South Korea’s government has refused to provide the country’s detailed map to Google due to “Security concerns”.
The joint committee led by transport ministry and IT, foreign affairs, unification, defense, administration and trade ministries reached decision.
The decision follows a delay from the initial August deadline for the US search giant's request in June, ZDNet reported today.
The postponement is speculated to have been caused by the US election, so as to wait for the election results and see the stance of President-elect Donald Trump before making a decision.
However, the request from Google to access detailed map of South Korea is not first time. The company has been requesting access to Korean maps that include navigation details and driving directions since 2010, which have been repeatedly refused.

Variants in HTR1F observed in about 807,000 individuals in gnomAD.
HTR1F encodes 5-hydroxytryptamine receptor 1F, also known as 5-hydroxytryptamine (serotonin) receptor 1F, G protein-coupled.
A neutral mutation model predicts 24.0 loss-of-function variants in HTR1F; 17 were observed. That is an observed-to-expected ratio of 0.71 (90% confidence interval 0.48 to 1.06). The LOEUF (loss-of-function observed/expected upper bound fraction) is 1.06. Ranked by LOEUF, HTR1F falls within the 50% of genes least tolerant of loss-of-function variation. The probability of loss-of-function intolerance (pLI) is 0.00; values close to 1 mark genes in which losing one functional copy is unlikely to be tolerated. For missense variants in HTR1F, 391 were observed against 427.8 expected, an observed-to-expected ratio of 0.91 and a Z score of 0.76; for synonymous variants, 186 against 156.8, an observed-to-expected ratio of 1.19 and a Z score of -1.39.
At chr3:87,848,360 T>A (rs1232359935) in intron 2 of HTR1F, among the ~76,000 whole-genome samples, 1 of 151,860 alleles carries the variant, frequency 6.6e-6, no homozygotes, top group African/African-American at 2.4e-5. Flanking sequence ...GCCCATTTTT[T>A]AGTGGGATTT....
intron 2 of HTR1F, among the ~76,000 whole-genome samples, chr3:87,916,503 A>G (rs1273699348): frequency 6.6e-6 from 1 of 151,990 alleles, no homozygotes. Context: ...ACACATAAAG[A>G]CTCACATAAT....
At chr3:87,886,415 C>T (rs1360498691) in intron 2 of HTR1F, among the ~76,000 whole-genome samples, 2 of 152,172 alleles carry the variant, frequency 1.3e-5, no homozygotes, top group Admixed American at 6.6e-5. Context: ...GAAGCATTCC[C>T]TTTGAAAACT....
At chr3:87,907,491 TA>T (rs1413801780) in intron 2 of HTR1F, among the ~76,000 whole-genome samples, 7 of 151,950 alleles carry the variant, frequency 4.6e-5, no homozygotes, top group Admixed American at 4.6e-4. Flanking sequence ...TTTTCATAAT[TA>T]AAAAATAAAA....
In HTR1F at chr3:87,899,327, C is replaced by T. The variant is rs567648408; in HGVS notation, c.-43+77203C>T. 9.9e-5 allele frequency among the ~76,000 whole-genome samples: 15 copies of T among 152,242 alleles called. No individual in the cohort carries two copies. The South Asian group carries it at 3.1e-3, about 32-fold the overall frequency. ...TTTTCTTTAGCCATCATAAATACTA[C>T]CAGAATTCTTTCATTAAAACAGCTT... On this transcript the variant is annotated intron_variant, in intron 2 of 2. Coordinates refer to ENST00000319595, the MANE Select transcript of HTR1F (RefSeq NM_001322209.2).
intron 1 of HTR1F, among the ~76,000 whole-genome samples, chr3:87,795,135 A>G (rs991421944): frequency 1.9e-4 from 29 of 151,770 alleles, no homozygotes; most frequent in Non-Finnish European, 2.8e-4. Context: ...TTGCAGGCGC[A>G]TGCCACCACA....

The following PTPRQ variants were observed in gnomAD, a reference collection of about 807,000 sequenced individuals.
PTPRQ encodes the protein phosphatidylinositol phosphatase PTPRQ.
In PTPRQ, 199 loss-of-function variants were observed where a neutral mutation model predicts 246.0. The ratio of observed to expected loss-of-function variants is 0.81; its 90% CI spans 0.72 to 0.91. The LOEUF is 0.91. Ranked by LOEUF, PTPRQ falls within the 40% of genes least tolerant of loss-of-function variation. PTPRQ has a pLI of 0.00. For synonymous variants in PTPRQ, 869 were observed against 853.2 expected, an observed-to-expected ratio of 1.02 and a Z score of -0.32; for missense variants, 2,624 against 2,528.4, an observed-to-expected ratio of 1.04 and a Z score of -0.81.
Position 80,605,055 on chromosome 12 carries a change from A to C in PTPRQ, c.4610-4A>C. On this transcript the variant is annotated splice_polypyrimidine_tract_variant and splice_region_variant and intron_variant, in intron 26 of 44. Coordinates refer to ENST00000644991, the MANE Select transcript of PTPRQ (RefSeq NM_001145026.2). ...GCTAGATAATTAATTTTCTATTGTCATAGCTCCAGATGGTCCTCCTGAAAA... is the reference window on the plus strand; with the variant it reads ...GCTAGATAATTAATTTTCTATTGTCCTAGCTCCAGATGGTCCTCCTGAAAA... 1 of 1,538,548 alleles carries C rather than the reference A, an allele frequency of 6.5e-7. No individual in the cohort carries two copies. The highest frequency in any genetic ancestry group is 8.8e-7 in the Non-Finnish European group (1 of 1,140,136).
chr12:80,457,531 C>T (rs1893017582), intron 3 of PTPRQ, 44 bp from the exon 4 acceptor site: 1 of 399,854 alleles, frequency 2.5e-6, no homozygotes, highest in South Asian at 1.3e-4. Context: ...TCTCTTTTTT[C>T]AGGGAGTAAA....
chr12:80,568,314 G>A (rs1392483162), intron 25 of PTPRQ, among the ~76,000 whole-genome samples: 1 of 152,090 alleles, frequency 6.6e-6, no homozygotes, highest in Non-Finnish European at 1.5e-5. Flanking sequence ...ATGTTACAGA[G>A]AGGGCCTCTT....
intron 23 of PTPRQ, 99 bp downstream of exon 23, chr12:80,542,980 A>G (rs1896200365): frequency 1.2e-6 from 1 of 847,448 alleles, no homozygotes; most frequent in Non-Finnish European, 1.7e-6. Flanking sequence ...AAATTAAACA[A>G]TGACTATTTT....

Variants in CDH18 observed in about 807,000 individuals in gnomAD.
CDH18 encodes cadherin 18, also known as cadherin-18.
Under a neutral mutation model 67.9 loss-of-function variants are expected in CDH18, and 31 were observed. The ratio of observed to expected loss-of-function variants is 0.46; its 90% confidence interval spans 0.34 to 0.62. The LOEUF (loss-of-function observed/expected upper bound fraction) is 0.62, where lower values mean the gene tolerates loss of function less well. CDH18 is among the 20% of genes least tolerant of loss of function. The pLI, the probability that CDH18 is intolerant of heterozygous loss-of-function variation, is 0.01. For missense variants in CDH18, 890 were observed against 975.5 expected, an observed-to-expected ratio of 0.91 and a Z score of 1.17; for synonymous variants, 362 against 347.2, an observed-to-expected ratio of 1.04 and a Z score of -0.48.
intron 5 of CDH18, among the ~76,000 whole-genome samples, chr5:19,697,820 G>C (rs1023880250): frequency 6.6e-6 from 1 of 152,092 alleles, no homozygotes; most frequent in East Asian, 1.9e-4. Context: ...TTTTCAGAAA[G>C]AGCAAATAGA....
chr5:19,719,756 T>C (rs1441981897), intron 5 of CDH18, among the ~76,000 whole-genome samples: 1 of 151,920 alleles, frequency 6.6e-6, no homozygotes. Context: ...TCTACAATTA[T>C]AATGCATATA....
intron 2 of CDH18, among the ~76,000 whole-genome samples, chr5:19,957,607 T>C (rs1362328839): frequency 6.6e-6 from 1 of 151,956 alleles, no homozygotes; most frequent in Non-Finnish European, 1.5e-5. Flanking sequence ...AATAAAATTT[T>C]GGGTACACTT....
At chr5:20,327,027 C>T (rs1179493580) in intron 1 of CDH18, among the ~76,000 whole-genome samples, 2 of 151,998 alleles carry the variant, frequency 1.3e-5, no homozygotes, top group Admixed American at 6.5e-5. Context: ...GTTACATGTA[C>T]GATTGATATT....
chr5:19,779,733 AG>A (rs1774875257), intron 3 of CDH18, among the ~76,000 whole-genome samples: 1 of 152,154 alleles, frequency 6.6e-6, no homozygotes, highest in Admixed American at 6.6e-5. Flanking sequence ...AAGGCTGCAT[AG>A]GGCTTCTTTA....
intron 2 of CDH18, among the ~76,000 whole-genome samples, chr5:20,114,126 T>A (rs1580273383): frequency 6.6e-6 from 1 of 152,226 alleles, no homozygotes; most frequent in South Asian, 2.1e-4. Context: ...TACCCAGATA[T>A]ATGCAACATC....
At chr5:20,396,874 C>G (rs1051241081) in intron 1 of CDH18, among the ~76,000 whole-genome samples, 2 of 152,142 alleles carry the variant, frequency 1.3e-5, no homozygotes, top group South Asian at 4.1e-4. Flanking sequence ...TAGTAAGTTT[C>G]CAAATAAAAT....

South Korea, which is technically at war with North Korea since the armistice in 1953, has strict regulations over revealing map information.
The present law of South Korea doesn't allow detailed maps to be housed in servers outside of the country. Though Google has created a server in South Korea to service the map of the country, it has very limited capacity.
Some believe that the country has genuine security concerns, whereas see the decision as an excuse to protect the business interests of local map vendors such as Naver and Kakao.
Due to Google Maps limitations, consumers in South Korea overwhelmingly use Naver Maps for their day-to-day navigations.